How Much Should You Budget for Home Maintenance?
How much money should you budget for home maintenance and repairs?
It’s impossible to predict exactly what your home will need, but average homeowner costs can be helpful and often fairly accurate. Using average costs, there are a couple of rules of thumb that can help guide this calculation. And you can adjust your initial results based on factors like the age and general condition of your home.
The 1 Percent Rule of Thumb
One popular rule of thumb says that one percent of the purchase price of your home should be set aside each year for ongoing maintenance. For example, if your home cost $300,000, you should budget $3,000 per year for maintenance.
That doesn’t mean you’ll spend $3,000 every year. It just means that, on average, over a span of a long time period (10 years or more), you’ll spend around $3,000 annually, according to this rule of thumb. Some years you’ll spend far more; a roof replacement, for instance, might cost $6,000 to $10,000 or more. Other years, you’ll spend far less.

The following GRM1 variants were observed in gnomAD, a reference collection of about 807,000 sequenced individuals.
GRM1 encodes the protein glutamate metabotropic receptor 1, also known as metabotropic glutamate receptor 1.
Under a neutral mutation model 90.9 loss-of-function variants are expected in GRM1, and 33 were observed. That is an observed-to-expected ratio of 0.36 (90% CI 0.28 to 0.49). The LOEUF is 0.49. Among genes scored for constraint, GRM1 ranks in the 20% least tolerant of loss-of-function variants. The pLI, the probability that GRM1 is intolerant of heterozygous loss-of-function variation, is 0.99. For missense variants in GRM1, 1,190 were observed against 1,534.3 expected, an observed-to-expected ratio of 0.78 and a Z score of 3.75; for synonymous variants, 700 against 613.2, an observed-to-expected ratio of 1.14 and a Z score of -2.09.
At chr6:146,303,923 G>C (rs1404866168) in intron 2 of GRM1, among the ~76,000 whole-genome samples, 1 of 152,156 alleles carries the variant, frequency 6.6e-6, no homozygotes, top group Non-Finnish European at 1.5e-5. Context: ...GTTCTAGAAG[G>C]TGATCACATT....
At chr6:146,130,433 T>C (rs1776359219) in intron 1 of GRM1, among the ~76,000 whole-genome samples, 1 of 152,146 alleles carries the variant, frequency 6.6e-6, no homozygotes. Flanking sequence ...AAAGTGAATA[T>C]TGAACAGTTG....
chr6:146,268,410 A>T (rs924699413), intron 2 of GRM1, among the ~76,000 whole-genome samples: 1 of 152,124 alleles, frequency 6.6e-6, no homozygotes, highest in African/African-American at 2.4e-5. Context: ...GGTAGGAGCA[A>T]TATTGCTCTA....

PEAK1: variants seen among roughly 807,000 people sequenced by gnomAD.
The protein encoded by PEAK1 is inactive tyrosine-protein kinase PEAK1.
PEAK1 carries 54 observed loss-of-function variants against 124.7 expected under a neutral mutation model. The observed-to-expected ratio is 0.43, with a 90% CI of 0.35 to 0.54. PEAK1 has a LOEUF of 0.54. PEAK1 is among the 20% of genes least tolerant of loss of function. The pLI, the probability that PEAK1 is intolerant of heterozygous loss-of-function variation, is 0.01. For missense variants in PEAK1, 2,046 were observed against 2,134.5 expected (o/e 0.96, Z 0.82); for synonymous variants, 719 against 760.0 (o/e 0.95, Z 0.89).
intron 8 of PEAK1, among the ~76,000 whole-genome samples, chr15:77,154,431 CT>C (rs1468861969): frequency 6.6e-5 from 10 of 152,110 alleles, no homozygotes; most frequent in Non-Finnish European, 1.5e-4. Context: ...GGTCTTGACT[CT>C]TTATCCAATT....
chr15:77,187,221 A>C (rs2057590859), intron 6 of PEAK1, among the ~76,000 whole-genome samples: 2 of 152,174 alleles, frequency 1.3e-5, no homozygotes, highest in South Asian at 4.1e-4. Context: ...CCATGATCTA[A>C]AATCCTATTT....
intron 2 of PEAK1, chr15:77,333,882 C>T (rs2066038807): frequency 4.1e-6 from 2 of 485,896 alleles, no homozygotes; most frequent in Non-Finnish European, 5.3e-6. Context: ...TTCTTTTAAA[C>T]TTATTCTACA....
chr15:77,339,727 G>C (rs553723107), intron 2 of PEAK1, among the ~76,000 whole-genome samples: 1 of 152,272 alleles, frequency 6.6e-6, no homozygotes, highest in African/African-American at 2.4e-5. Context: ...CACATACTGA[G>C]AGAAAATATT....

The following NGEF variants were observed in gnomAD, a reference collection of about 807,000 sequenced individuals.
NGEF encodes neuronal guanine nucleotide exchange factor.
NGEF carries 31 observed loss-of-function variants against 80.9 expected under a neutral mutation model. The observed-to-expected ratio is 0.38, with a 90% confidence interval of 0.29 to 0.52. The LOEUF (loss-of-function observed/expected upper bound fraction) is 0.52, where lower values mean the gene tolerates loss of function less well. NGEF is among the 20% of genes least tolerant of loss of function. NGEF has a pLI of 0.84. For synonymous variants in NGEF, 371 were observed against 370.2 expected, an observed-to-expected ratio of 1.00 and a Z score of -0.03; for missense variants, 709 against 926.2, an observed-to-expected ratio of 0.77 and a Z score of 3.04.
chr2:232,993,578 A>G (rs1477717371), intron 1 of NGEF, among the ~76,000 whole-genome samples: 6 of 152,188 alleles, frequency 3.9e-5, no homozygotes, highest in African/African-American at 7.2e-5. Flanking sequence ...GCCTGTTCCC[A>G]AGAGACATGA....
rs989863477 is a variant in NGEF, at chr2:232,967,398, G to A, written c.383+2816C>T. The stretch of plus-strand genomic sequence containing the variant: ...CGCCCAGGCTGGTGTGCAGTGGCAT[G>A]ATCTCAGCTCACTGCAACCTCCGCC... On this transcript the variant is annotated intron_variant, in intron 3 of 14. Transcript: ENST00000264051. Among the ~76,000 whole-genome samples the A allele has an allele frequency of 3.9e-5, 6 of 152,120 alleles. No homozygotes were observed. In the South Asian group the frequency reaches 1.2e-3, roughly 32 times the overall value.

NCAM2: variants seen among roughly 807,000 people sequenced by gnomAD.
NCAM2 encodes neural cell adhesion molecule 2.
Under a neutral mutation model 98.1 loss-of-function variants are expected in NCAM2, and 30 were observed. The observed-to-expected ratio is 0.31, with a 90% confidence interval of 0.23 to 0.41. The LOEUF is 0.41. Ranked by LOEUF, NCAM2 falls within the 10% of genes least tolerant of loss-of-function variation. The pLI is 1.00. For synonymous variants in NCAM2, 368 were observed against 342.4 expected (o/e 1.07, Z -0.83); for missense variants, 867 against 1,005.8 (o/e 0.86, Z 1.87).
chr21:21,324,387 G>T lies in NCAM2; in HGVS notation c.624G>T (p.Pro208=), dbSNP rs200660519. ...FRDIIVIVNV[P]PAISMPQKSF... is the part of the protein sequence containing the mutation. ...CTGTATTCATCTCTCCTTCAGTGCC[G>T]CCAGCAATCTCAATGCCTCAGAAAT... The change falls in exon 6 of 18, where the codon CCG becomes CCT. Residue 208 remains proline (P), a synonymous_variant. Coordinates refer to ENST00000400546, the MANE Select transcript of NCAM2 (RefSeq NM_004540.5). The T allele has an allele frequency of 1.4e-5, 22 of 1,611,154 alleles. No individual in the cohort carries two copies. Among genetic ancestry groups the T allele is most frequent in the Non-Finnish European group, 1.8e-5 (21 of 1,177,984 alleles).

Of course, this popular rule of thumb has its limitations. Your market timing doesn’t impact your maintenance budget. If you happened to buy your home at the peak of the housing bubble, your maintenance costs won’t skyrocket.
Similarly, if you bought your home at a steep discount at the bottom of the housing market, your maintenance budget shouldn’t be affected.
The underlying price of your home and its repair costs, in other words, are independent variables. They correlate only insofar as they’re both impacted by the cost of labor and materials in your particular geographic area.
The Square Foot Rule of Thumb
Another rule of thumb says that you should budget $1 per square foot per year for maintenance and repair costs. If you own a 2,000-square-foot home, for example, budget $2,000 a year for maintenance and repairs (again, over a long-term annualized average).
This rule of thumb makes slightly more sense than the 1 Percent Rule because it’s directly related to the size of the home. The more square feet you’re managing, the more you’ll need to spend. However, one drawback to this rule is that it doesn’t account for labor and material costs in your area. The market prices for contractors, labor, and building materials can vary significantly from region to region.